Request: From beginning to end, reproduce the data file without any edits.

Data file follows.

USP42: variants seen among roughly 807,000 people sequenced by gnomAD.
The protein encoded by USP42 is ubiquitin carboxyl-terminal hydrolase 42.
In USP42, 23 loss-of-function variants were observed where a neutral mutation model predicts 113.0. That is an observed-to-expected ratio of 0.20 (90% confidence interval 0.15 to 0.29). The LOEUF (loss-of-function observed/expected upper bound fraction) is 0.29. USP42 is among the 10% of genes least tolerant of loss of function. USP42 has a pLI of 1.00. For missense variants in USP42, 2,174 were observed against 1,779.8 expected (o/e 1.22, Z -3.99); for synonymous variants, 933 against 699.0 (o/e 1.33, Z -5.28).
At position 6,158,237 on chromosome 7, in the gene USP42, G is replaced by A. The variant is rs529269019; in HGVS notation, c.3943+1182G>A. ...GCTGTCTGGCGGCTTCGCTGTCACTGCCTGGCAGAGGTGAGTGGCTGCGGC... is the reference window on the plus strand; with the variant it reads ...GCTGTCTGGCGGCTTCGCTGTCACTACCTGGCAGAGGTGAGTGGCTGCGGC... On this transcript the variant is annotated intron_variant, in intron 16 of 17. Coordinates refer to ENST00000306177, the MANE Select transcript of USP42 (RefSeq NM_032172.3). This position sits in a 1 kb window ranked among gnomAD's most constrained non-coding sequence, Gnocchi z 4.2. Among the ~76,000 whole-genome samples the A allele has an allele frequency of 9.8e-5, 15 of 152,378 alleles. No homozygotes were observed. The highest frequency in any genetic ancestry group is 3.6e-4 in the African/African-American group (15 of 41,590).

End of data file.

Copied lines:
USP42: variants seen among roughly 807,000 people sequenced by gnomAD.
The protein encoded by USP42 is ubiquitin carboxyl-terminal hydrolase 42.
In USP42, 23 loss-of-function variants were observed where a neutral mutation model predicts 113.0. That is an observed-to-expected ratio of 0.20 (90% confidence interval 0.15 to 0.29). The LOEUF (loss-of-function observed/expected upper bound fraction) is 0.29. USP42 is among the 10% of genes least tolerant of loss of function. USP42 has a pLI of 1.00. For missense variants in USP42, 2,174 were observed against 1,779.8 expected (o/e 1.22, Z -3.99); for synonymous variants, 933 against 699.0 (o/e 1.33, Z -5.28).
At position 6,158,237 on chromosome 7, in the gene USP42, G is replaced by A. The variant is rs529269019; in HGVS notation, c.3943+1182G>A. ...GCTGTCTGGCGGCTTCGCTGTCACTGCCTGGCAGAGGTGAGTGGCTGCGGC... is the reference window on the plus strand; with the variant it reads ...GCTGTCTGGCGGCTTCGCTGTCACTACCTGGCAGAGGTGAGTGGCTGCGGC... On this transcript the variant is annotated intron_variant, in intron 16 of 17. Coordinates refer to ENST00000306177, the MANE Select transcript of USP42 (RefSeq NM_032172.3). This position sits in a 1 kb window ranked among gnomAD's most constrained non-coding sequence, Gnocchi z 4.2. Among the ~76,000 whole-genome samples the A allele has an allele frequency of 9.8e-5, 15 of 152,378 alleles. No homozygotes were observed. The highest frequency in any genetic ancestry group is 3.6e-4 in the African/African-American group (15 of 41,590).